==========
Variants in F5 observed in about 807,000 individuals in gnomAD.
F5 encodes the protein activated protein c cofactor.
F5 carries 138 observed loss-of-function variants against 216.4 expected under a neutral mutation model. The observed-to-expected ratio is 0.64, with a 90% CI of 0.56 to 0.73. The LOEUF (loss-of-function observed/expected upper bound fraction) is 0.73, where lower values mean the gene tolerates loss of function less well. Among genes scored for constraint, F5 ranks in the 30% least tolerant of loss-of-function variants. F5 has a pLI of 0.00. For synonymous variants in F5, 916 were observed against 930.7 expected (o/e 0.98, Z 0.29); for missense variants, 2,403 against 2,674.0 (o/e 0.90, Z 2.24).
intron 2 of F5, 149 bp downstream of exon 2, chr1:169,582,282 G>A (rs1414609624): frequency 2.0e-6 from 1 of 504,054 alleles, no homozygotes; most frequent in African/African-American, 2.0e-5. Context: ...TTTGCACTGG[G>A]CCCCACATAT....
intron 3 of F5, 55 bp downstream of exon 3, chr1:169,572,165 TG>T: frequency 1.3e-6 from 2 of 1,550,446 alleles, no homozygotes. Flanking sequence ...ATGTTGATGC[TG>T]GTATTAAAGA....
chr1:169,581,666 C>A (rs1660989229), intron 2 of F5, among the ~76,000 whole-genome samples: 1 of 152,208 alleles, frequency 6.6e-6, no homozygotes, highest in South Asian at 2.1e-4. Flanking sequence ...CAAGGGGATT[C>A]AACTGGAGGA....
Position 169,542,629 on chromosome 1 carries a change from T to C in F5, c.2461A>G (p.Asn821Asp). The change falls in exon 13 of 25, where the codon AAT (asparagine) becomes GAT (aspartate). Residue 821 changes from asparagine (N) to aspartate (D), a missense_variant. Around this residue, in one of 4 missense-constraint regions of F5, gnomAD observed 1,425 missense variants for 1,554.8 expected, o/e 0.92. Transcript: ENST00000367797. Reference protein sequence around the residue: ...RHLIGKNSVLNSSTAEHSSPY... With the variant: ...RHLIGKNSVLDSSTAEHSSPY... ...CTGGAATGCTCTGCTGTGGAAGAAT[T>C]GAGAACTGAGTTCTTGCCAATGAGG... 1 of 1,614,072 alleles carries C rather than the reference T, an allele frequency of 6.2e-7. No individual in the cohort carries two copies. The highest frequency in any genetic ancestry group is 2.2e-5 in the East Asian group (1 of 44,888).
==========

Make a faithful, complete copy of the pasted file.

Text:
Variants in F5 observed in about 807,000 individuals in gnomAD.
F5 encodes the protein activated protein c cofactor.
F5 carries 138 observed loss-of-function variants against 216.4 expected under a neutral mutation model. The observed-to-expected ratio is 0.64, with a 90% CI of 0.56 to 0.73. The LOEUF (loss-of-function observed/expected upper bound fraction) is 0.73, where lower values mean the gene tolerates loss of function less well. Among genes scored for constraint, F5 ranks in the 30% least tolerant of loss-of-function variants. F5 has a pLI of 0.00. For synonymous variants in F5, 916 were observed against 930.7 expected (o/e 0.98, Z 0.29); for missense variants, 2,403 against 2,674.0 (o/e 0.90, Z 2.24).
intron 2 of F5, 149 bp downstream of exon 2, chr1:169,582,282 G>A (rs1414609624): frequency 2.0e-6 from 1 of 504,054 alleles, no homozygotes; most frequent in African/African-American, 2.0e-5. Context: ...TTTGCACTGG[G>A]CCCCACATAT....
intron 3 of F5, 55 bp downstream of exon 3, chr1:169,572,165 TG>T: frequency 1.3e-6 from 2 of 1,550,446 alleles, no homozygotes. Flanking sequence ...ATGTTGATGC[TG>T]GTATTAAAGA....
chr1:169,581,666 C>A (rs1660989229), intron 2 of F5, among the ~76,000 whole-genome samples: 1 of 152,208 alleles, frequency 6.6e-6, no homozygotes, highest in South Asian at 2.1e-4. Flanking sequence ...CAAGGGGATT[C>A]AACTGGAGGA....
Position 169,542,629 on chromosome 1 carries a change from T to C in F5, c.2461A>G (p.Asn821Asp). The change falls in exon 13 of 25, where the codon AAT (asparagine) becomes GAT (aspartate). Residue 821 changes from asparagine (N) to aspartate (D), a missense_variant. Around this residue, in one of 4 missense-constraint regions of F5, gnomAD observed 1,425 missense variants for 1,554.8 expected, o/e 0.92. Transcript: ENST00000367797. Reference protein sequence around the residue: ...RHLIGKNSVLNSSTAEHSSPY... With the variant: ...RHLIGKNSVLDSSTAEHSSPY... ...CTGGAATGCTCTGCTGTGGAAGAAT[T>C]GAGAACTGAGTTCTTGCCAATGAGG... 1 of 1,614,072 alleles carries C rather than the reference T, an allele frequency of 6.2e-7. No individual in the cohort carries two copies. The highest frequency in any genetic ancestry group is 2.2e-5 in the East Asian group (1 of 44,888).